The Trouble With _time: Better Splunk Search Scheduling with _index_earliest

You’ve lovingly crafted a new, bespoke Splunk search. How do you schedule it?

“Well, that’s easy," replies my fictionalised reader. “You just make sure your search time range matches the schedule frequency, and you’re good to go."


And that would be simple, wouldn’t it?

“But there’s almost a law of the universe that solutions which are:

terrible, ineffective solutions, once implemented will drag on civilization forever."

The Better Boarding Method Airlines Won’t Use

Okay, that’s a little dramatic for this topic, but the point stands - this situation can be improved with a little bit of effort and planning.

The Issue with Naivety


Say you have a simple alert - pick up all events in the last 15 minutes - and you choose earliest=-15min latest=now and give it a cron of */15 * * * *. Where is the issue here? Well, the problem comes down to using earliest and latest - these work on event time.

You’re likely familiar with _time when working with Splunk events. This is a parsed, standardised timestamp across every event that records when an event occured. Its value may be pulled out of the raw log, or be inferred from when Splunk first recieved it, but its format is always the same - it’s presented to you in a human-readable format in the UI, but under the hood it is always a Unix epoch, an integer - you can see it if you use rename _time as time to observe the underlying value without window dressing.

But what happens if we’re collecting AV or EDR events from a host? We have no reliability or assurances on the network conditions from an in-the-field OS agent to eventually reach our SIEM. For example, say a user executes a malicious script while travelling on a plane: your SOC won’t be aware of it until they next connect to the Internet to report it. In this situation, the above naive search would actually miss this event entirely.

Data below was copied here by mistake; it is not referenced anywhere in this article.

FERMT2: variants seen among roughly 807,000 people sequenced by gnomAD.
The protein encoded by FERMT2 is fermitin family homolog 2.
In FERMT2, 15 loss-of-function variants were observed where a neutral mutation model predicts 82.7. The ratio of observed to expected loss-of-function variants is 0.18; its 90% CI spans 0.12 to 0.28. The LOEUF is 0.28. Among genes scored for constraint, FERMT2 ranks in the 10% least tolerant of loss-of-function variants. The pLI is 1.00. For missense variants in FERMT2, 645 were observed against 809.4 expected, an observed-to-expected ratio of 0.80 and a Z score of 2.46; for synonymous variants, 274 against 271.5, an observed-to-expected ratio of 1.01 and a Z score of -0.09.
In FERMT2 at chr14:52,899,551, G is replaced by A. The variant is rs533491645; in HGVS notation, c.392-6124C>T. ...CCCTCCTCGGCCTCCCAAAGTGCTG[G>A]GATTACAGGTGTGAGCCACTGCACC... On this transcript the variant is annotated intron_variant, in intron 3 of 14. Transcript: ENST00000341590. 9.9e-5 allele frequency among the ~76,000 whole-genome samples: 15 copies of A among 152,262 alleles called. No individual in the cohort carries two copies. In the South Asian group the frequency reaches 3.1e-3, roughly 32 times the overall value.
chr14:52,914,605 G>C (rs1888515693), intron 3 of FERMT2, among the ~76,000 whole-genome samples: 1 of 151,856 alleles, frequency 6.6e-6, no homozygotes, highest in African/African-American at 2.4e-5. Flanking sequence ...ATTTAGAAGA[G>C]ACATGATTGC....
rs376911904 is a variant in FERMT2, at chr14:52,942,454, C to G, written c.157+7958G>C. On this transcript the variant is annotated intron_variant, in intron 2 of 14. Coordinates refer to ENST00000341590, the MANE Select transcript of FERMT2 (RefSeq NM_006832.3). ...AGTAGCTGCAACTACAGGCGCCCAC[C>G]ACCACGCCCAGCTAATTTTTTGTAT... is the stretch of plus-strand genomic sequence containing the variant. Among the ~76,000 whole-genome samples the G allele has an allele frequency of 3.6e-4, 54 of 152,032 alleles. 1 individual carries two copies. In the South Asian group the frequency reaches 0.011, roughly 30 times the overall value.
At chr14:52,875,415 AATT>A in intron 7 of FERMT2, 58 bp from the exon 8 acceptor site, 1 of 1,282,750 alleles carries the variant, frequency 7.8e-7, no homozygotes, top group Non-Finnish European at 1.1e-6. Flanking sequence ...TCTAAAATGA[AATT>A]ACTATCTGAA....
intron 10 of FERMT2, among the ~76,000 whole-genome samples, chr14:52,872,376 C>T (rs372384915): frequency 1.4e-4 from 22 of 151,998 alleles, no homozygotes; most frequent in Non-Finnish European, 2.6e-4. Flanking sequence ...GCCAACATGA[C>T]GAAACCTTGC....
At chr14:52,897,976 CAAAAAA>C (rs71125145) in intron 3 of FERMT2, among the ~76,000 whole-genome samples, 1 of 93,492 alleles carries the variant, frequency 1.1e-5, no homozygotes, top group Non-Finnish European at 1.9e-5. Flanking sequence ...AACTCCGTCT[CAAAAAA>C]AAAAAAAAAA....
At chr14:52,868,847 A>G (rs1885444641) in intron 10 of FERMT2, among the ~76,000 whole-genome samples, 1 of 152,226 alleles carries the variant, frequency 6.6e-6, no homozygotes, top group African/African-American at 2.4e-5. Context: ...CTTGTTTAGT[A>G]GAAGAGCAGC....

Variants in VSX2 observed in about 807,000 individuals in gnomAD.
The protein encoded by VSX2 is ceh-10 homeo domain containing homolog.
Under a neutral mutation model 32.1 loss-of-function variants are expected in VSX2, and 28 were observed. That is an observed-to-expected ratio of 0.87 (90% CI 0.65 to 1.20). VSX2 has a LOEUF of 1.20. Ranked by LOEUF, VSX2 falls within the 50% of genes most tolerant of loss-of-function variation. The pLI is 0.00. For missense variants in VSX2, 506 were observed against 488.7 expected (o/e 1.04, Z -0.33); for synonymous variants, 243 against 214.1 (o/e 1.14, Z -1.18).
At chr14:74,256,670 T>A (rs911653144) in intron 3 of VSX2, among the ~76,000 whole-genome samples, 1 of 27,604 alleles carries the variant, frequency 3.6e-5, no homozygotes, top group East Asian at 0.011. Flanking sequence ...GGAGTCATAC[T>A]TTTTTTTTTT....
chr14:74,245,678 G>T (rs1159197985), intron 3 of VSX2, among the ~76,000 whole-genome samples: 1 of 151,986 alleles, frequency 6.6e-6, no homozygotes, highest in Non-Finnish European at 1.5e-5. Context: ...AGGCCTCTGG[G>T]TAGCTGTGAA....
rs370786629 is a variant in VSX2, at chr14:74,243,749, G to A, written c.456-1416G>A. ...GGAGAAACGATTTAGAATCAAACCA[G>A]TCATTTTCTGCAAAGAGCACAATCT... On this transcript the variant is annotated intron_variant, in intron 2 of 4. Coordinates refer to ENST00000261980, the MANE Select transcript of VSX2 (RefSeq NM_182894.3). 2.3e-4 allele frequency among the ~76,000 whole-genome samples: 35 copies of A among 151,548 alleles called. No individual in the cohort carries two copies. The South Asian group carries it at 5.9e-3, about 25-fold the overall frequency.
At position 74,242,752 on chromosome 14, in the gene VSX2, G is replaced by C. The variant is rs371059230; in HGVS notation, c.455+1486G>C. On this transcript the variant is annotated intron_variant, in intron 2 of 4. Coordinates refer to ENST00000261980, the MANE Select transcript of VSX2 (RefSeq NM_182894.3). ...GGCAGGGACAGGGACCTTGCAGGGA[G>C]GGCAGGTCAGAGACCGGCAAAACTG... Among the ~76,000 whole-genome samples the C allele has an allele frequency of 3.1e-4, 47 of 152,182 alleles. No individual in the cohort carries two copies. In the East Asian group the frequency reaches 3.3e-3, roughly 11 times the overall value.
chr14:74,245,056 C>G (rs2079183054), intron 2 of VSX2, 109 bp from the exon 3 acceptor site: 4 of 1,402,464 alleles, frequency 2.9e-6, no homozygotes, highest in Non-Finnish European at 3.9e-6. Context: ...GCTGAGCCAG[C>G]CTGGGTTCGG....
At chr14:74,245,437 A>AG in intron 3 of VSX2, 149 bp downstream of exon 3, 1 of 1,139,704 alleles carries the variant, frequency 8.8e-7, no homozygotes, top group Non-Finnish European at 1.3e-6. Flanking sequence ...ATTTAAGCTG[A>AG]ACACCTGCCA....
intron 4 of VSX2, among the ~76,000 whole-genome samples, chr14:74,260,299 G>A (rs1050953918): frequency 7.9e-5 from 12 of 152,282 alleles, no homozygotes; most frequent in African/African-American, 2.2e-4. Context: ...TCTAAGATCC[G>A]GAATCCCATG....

Ingestion delays and network latency can cause events to miss their original search window.

How Do We Fix It?


A better solution is to schedule our search based on what events are new in Splunk in the last interval. And luckily, Splunk has another built-in field to do this, just like with _time, called _indextime. But, like with _time, the UI has some special rules that don’t let you see it - rename _indextime as indextime will let you see the value natively.

Similarly to the earliest and latest used in our scheduling earlier, Splunk has another option for setting the time range filters on an alert: _index_earliest and _index_latest. So, reformatting our original query to use earliest=-1d latest=now _index_earliest=-15m@m _index_latest=@m will pick up on the events our naive filter would have let slip through.

In the above diagram, each search window is no longer looking for the ‘Event Occurs’ time, but instead the ‘Ingested to Splunk’ time. This guarantees every event will be processed eventually, even with significant issues in the data processing pipeline.

There’s a few other cool uses for _indextime too. For example, you can easily compare the two integers to assess your log ingestion delay, and even average this to get a good feel for what’s normal in your indexes:

| rename _indextime as indextime, _time as time
| eval diff_mins = round((indextime - time) / 60, 2)
| table time, indextime, diff_mins

Hopefully this has been useful in showing where you can add some simple reliability and assurance to improve your spelunking.